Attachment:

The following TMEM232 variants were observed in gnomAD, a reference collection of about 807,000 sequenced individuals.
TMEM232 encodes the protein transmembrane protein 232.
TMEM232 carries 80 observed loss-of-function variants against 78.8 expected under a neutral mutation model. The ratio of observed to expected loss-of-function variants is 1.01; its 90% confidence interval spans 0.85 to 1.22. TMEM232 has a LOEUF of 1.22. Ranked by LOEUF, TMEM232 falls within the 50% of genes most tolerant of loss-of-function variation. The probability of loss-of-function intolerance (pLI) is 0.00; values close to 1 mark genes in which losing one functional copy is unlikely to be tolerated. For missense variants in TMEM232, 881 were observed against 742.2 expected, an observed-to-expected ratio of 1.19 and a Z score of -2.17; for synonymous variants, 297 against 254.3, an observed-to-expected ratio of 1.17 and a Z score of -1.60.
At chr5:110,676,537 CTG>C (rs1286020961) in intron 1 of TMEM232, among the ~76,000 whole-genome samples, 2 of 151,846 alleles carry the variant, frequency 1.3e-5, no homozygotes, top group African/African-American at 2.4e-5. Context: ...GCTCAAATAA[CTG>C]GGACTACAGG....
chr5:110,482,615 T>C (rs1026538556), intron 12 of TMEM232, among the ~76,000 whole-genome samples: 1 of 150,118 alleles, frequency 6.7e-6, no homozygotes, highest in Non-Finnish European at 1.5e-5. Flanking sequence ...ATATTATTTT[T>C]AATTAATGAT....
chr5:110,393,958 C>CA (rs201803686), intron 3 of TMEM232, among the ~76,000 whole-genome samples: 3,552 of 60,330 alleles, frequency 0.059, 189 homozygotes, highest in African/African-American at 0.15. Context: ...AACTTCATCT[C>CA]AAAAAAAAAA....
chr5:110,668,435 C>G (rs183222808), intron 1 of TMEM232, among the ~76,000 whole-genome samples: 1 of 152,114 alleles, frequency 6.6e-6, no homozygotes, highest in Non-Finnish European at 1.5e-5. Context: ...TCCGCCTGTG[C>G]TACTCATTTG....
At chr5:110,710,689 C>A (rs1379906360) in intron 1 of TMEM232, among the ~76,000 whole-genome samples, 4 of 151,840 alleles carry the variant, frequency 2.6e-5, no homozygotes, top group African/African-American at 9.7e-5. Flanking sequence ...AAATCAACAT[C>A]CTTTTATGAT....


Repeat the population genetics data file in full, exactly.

The following TMEM232 variants were observed in gnomAD, a reference collection of about 807,000 sequenced individuals.
TMEM232 encodes the protein transmembrane protein 232.
TMEM232 carries 80 observed loss-of-function variants against 78.8 expected under a neutral mutation model. The ratio of observed to expected loss-of-function variants is 1.01; its 90% confidence interval spans 0.85 to 1.22. TMEM232 has a LOEUF of 1.22. Ranked by LOEUF, TMEM232 falls within the 50% of genes most tolerant of loss-of-function variation. The probability of loss-of-function intolerance (pLI) is 0.00; values close to 1 mark genes in which losing one functional copy is unlikely to be tolerated. For missense variants in TMEM232, 881 were observed against 742.2 expected, an observed-to-expected ratio of 1.19 and a Z score of -2.17; for synonymous variants, 297 against 254.3, an observed-to-expected ratio of 1.17 and a Z score of -1.60.
At chr5:110,676,537 CTG>C (rs1286020961) in intron 1 of TMEM232, among the ~76,000 whole-genome samples, 2 of 151,846 alleles carry the variant, frequency 1.3e-5, no homozygotes, top group African/African-American at 2.4e-5. Context: ...GCTCAAATAA[CTG>C]GGACTACAGG....
chr5:110,482,615 T>C (rs1026538556), intron 12 of TMEM232, among the ~76,000 whole-genome samples: 1 of 150,118 alleles, frequency 6.7e-6, no homozygotes, highest in Non-Finnish European at 1.5e-5. Flanking sequence ...ATATTATTTT[T>C]AATTAATGAT....
chr5:110,393,958 C>CA (rs201803686), intron 3 of TMEM232, among the ~76,000 whole-genome samples: 3,552 of 60,330 alleles, frequency 0.059, 189 homozygotes, highest in African/African-American at 0.15. Context: ...AACTTCATCT[C>CA]AAAAAAAAAA....
chr5:110,668,435 C>G (rs183222808), intron 1 of TMEM232, among the ~76,000 whole-genome samples: 1 of 152,114 alleles, frequency 6.6e-6, no homozygotes, highest in Non-Finnish European at 1.5e-5. Context: ...TCCGCCTGTG[C>G]TACTCATTTG....
At chr5:110,710,689 C>A (rs1379906360) in intron 1 of TMEM232, among the ~76,000 whole-genome samples, 4 of 151,840 alleles carry the variant, frequency 2.6e-5, no homozygotes, top group African/African-American at 9.7e-5. Flanking sequence ...AAATCAACAT[C>A]CTTTTATGAT....